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Food Law – Food & Drink – Food Safety – Interpretation of Regulations – EC Directive Implementation


The recent case of Asda Stores Ltd v Wandsworth London Borough Council [2007,] concerned the interpretation of a number of provisions in the Food Safety (General Food Hygiene) Regulations 1995 (“the Regulations”), which implemented Council Directive (EC) 93/43.

The claimant was charged with a number of offences pursuant to the Regulations. The charges were brought following the sighting by a customer of a mouse chewing on a piece of confectionery and the subsequent sighting by environmental health officers of mouse droppings in the claimant’s premises. The environmental health officers had been dispatched by Wandsworth London Borough Council.

At the South Western Magistrates’ Court, the claimant made a submission of ‘double charging’ in respect of charges 3 and 4, which is when two charges against a party are effectively the same. Wansdworth London Borough Council, in laying charge 3, alleged that the claimant had failed to ensure adequate procedures were in place so that pests were controlled. In laying charge 4 they alleged that the claimant had failed to minimise the risk of contamination from the activities of such pests. The court rejected the submission, and the claimant pleaded guilty to the charges.

The matter was thereafter committed to the Crown Court for sentencing. Sentencing was then adjourned, pending the outcome of the claimant’s instant appeal. The appeal is the subject matter of this case.

The issue which fell to be considered at appeal was whether the words in Paragraph 3 of Chapter IX of Schedule 1 to the Regulations created separate offences, or whether those words created one offence. If the words were held to have created one offence the claimant would be deemed to have been the subject of double charging, and accordingly put at risk of being punished twice for effectively the same offence.

Regulation 4 of the Regulations, so far as relevant, provides:

‘(1)… A proprietor of a food business shall ensure that any of the following operations, namely, the preparation, processing, manufacturing, packaging, storing, transportation, distribution, handling and offering for sale or supply, of food are carried out in a hygienic way. (2) A proprietor of a food business shall ensure that… (d) the requirements set out in Chapters IV to X of Schedule 1 are complied with as respects that business’.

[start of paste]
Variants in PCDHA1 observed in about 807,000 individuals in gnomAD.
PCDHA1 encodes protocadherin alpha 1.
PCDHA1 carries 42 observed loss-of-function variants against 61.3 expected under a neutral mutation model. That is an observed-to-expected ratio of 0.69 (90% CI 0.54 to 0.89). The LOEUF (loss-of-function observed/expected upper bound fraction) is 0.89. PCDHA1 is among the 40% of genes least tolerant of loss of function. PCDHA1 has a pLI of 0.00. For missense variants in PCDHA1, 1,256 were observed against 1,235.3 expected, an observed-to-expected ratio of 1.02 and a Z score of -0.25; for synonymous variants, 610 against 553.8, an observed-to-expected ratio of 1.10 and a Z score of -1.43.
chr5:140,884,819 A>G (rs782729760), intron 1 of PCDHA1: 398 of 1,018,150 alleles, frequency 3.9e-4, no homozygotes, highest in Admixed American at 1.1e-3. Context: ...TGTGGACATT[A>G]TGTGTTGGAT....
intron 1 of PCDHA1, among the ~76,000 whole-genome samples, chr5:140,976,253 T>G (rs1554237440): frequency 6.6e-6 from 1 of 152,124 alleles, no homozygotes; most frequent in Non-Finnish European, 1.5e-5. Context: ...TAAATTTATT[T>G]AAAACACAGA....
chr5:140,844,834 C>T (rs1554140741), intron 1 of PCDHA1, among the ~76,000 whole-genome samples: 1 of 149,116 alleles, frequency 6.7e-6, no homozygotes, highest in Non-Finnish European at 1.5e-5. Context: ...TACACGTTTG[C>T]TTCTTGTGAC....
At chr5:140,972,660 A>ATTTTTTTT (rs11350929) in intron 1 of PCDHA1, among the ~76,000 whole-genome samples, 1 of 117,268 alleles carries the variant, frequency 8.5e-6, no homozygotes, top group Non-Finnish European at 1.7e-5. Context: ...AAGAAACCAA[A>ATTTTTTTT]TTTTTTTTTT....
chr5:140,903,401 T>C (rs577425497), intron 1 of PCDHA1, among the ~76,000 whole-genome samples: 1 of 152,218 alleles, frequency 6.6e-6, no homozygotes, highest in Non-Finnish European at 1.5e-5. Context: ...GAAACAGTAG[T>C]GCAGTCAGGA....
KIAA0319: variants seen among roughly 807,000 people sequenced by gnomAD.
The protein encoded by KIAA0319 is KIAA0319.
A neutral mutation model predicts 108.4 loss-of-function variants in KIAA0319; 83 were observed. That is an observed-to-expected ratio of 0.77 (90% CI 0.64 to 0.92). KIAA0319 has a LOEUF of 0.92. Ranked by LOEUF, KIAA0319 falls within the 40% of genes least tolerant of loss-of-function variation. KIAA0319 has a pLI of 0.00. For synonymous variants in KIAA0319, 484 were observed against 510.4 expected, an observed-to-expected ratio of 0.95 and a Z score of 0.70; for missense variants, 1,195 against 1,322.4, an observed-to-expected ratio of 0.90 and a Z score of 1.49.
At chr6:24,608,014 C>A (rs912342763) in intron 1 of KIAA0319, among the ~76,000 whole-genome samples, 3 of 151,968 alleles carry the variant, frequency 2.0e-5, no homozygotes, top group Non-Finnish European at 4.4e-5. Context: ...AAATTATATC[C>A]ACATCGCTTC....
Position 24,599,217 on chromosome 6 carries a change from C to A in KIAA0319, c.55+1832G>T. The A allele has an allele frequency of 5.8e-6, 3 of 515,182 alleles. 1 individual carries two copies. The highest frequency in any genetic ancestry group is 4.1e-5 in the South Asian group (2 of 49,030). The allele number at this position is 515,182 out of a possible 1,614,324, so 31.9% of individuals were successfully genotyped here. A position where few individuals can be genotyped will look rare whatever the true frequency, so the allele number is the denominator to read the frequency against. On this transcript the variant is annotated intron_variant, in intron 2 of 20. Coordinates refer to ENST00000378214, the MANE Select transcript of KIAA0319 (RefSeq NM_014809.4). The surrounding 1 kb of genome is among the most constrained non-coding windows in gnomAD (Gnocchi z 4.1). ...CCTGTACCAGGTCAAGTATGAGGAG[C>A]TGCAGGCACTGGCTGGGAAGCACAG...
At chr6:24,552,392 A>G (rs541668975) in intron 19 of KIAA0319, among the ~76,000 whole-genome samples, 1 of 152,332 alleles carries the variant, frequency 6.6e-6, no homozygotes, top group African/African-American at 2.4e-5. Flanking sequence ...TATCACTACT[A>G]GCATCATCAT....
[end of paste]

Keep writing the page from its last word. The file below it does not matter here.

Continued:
Regulation 6 provides:

‘(1)… If any person contravenes regulation 4 (including any provision of Schedule 1) or 5, he shall be guilty of an offence against these Regulations. (2) Any person guilty of an offence against these Regulations shall be liable… (a) on summary conviction, to a fine not exceeding the statutory maximum; (b) on conviction on indictment, to a fine or imprisonment for a term not exceeding two years or both’.

Paragraph 3 of Chapter IX of Schedule 1 to the Regulations provides:

‘All food which is handled, stored, packaged, displayed and transported, shall be protected against any contamination likely to render the food unfit for human consumption, injurious to health or contaminated in such a way that it would be unreasonable to expect it to be consumed in that state. In particular, food must be so placed and/or protected as to minimize any risk of contamination. Adequate procedures must be in place to ensure pests are controlled’.

The appeal was dismissed. The court held that:-

– On its true construction, Paragraph 3 of Chapter IX of Schedule 1 to the Regulations created more than one offence.

– Council Directive (EC) 93/43 which had been implemented by the Regulations had been directly transposed into domestic legislation.

– No modification of the wording had occurred and therefore that had been the cause of the unusual drafting style of Paragraph 3 of Chapter IX of Schedule 1 to the Regulations.

– Furthermore, Paragraphs 3 and 4 of Chapter I of Schedule 1 to the Regulations demonstrated that a single paragraph could contain more that one offence.

– In this case, the justices had therefore been correct to conclude that the claimant had not been subjected to ‘double charging’. It was held that charge 3 related to the single incident of the mouse found in the confectionery and charge 4 related to the inadequacy of procedures which might have spanned a much longer period of time.

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© RT COOPERS, 2007. This Briefing Note does not provide a comprehensive or complete statement of the law relating to the issues discussed nor does it constitute legal advice. It is intended only to highlight general issues. Specialist legal advice should always be sought in relation to particular circumstances.

Source by Rosanna Cooper

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